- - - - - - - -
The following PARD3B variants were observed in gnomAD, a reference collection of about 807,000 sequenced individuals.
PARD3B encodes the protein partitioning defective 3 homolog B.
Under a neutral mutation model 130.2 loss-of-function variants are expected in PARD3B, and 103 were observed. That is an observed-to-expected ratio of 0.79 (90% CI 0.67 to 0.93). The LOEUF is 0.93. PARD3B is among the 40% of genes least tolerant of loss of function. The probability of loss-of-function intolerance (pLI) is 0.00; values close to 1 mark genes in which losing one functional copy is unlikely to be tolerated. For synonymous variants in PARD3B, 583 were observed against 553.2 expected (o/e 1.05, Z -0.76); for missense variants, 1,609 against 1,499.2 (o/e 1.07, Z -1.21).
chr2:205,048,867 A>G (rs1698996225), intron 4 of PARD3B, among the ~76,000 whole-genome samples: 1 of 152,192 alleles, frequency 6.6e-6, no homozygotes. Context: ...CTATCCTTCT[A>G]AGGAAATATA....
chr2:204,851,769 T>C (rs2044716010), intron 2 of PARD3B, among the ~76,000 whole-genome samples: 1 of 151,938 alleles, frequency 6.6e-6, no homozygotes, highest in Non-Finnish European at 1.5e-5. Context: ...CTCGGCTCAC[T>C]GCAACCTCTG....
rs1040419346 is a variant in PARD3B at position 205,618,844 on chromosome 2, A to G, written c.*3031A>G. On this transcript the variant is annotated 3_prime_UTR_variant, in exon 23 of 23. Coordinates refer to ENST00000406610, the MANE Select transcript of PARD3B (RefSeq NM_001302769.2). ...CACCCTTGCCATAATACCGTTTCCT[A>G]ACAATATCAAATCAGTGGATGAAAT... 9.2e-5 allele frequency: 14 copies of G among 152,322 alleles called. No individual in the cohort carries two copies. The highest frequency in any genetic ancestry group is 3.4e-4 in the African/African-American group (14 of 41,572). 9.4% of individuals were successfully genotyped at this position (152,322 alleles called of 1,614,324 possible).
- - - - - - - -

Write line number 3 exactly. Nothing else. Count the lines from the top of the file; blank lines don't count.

Under a neutral mutation model 130.2 loss-of-function variants are expected in PARD3B, and 103 were observed. That is an observed-to-expected ratio of 0.79 (90% CI 0.67 to 0.93). The LOEUF is 0.93. PARD3B is among the 40% of genes least tolerant of loss of function. The probability of loss-of-function intolerance (pLI) is 0.00; values close to 1 mark genes in which losing one functional copy is unlikely to be tolerated. For synonymous variants in PARD3B, 583 were observed against 553.2 expected (o/e 1.05, Z -0.76); for missense variants, 1,609 against 1,499.2 (o/e 1.07, Z -1.21).